The fields are a bleached straw stubble and the cows stand in them, exhausted, unmoving. It's very hot. Traffic rushes up and down the highway, logging trucks, fewer double-cab utes than everywhere else, more police cars. Northland longs for relief.
At Waitangi yesterday the PM made a speech big on rhetoric, which went down well, on the whole. They like her up here. Simon Bridges made a fool of himself, but he wouldn't have minded, too much, because he wasn't talking to the people who laughed at him.
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Winston Peters was among those who laughed, and he got up, unscheduled, to deliver a string of Bridges jokes just so he could laugh some more. Winston is possibly still feeling a little miffed that Simon won't invite him to his party.
But it was Justice and Treaty Negotiations Minister Andrew Little who stole the show.
Little spoke only in te reo, for eight minutes and without notes. He covered work being done to strengthen iwi in education, historical preservation, economic support. In the North, he said, they had to address He Whakaputanga, the Declaration of Independence signed in 1835. "We must talk about it, we must understand it."
He was, by implication, referring to Ngapuhi's fraught treaty settlement process. An earlier speaker, Isaiah Apiata, had already called on Ardern and Bridges to have "the strength and the courage" to acknowledge the 2014 ruling by the Waitangi Tribunal, that Māori leaders in 1840 had not been told they were signing away sovereignty.
Little said, "I want to say the discussions I've had with Ngapuhi have been among the most challenging and the most rewarding of my life." He vowed to remain committed to the process.
When he finished, the waiata started and the Prime Minister came down from the porch of the whare runanga, where she had been sitting with Titewhai Harawira, gave him a hug and stood there rubbing his back while the manuhiri (visitors) sang.
The tangata whenua then sang back to him. It was a rare and extraordinary honour.
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Bridges started on the right note, observing they were gathered "in the most beautiful place in the world for the meeting of two peoples", but then he launched into a straight-out attack on the Government.
He said there was supposed to be less poverty and inequality and there wasn't because in the "year of delivery" the Government hadn't delivered anything. He appeared to endorse a call for free dentistry "for those who can't afford it", although later he backed away from that. Later, also, he called Provincial Growth Fund projects "trinkets".
It's fine to talk politics at Waitangi, everyone does it, but Bridges forgot that you're supposed to be clever with it. "Use your wit, which means intelligence," said Peters helpfully.
Use jokes, enlist the exploits of those gone before, throw down the proverbs and metaphors and let people work it out for themselves. It's called oratory, and on the pre-eminent paepae in the country, standing between the whare runanga and the Treaty House, both of them gracious old buildings dripping with history, you're supposed to aim high.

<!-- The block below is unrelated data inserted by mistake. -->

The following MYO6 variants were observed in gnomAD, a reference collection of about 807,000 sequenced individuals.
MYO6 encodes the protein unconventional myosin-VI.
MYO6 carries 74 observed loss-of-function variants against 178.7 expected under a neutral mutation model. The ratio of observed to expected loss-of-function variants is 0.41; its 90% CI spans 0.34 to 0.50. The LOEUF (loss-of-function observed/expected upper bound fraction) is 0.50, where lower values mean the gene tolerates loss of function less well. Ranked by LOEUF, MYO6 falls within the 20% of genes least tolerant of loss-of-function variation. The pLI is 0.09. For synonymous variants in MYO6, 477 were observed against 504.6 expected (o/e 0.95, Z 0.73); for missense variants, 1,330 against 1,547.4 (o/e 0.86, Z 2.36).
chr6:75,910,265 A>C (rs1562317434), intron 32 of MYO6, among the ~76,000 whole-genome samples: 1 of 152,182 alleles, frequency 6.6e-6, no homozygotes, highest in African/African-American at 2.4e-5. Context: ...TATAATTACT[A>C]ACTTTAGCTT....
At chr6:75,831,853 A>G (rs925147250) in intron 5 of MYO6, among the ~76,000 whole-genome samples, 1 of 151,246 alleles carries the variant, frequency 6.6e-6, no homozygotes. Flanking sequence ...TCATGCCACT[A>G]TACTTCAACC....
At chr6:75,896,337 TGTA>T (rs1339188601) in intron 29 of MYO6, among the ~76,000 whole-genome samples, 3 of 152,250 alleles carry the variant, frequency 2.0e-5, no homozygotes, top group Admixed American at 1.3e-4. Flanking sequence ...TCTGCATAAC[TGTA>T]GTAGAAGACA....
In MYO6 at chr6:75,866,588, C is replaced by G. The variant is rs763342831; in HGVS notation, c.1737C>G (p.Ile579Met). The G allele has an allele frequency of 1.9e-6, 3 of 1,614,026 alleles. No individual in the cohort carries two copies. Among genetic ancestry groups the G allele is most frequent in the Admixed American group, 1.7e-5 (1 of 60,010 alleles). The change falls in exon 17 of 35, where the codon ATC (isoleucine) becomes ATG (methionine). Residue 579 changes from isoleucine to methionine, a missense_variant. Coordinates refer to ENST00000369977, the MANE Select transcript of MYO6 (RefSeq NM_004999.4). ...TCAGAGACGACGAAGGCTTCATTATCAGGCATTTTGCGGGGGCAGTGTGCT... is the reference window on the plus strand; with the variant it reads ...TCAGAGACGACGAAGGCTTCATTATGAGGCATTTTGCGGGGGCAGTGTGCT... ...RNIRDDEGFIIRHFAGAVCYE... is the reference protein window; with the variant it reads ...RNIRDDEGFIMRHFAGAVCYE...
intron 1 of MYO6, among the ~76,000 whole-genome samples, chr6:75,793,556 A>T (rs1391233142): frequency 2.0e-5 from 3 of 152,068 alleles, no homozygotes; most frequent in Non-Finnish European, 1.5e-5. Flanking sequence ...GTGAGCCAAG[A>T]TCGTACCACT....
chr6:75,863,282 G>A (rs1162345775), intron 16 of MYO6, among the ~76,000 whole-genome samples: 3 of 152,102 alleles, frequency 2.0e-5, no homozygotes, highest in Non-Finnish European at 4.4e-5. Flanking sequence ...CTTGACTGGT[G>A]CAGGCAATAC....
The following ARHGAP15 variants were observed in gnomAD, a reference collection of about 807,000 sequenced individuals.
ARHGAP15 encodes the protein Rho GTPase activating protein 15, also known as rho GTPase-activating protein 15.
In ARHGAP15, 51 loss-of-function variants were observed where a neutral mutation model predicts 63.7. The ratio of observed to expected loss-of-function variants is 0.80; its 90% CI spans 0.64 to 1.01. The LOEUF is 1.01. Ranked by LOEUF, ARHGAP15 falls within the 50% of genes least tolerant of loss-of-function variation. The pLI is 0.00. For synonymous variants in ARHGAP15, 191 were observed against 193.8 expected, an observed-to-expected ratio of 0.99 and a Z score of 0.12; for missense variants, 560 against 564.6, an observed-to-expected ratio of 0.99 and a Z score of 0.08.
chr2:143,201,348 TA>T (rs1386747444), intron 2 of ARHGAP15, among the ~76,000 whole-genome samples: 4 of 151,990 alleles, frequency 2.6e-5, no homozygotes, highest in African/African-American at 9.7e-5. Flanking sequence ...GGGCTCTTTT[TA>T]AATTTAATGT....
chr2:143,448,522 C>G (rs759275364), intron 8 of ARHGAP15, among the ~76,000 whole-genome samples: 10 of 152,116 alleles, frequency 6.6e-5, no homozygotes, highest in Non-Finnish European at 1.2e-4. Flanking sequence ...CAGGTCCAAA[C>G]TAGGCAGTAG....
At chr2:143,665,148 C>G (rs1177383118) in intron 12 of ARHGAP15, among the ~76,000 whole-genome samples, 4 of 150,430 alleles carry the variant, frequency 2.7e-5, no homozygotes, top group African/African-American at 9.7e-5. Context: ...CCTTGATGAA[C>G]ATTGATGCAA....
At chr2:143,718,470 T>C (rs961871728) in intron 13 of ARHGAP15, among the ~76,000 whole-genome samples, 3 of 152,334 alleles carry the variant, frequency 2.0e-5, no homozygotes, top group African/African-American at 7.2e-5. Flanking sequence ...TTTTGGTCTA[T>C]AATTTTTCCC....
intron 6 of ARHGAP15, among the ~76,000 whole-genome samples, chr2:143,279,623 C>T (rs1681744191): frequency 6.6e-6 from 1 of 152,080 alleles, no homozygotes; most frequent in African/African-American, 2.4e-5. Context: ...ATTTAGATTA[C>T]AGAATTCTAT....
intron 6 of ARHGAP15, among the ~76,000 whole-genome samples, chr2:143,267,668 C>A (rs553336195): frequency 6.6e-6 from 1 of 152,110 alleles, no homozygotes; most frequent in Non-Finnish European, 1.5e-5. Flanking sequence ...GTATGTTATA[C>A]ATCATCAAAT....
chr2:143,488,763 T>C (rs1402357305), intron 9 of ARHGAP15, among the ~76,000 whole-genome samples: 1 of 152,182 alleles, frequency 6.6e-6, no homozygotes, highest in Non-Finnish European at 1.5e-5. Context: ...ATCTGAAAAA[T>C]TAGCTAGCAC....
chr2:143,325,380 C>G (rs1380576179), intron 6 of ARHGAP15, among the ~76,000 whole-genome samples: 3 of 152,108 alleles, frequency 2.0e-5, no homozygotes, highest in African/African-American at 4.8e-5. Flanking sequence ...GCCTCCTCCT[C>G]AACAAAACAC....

Bridges wasn't fazed. His message wasn't for the people in front of him, it was for the voters at home. And he'd decided the only way he'd even get to deliver it was if he ruffled some feather cloaks in the process.
"By our deeds you will know us," said Ardern, paraphrasing the Gospel of St Matthew, when it was her turn to speak. She listed achievements, including Māori unemployment being at its "lowest level for 10 years", the graduation of 500 new te reo teachers and 2000 Māori families moving into new state houses.
She spoke at length about "crossing the bridge", which refers to the willingness of Māori to cross over to the Pākehā world, and the need for Pākehā to make the same journey more often the other way.
Later, asked if Oranga Tamariki was a troll under the bridge, she said it was important that all sides worked together and that was happening.
But is it? Mere Mangu, Ngapuhi's new chair, had earlier spoken about Oranga Tamariki, declaring that "25 knights and dames have come here to find a way forward". In previous celebrations, one of them, Dame Naida Glavish, had been by Ardern's side. This year Glavish was down the road criticising Government inaction.
Ardern had a theme: "We are here to acknowledge the past, and challenge the present, and it is also the place to be hopeful for our future. I will keep coming back for you to challenge me, and you must continue to challenge me."
She had a refrain: "There is more mahi to do." We may hear that a lot this year.
Bridges tested his own potential campaign phrase: "We have a plan for that," he kept saying. Slightly oddly, it's the signature slogan of the progressive Democratic presidential candidate Elizabeth Warren.
The very last speaker was Te Waihoroi Shortland of Ngāti Hine, a Ngapuhi subtribe. He addressed all the politicians. "You have some distance to go, crossing the bridge," he said to Bridges. "But you are in our hearts."
To Little, he said, "Two years ago you stood here like a cocky politician. You are now an example. You have shown the nation what can be done."
In the last waiata of the morning, they sang, "Do not hold on to anger, there is another day."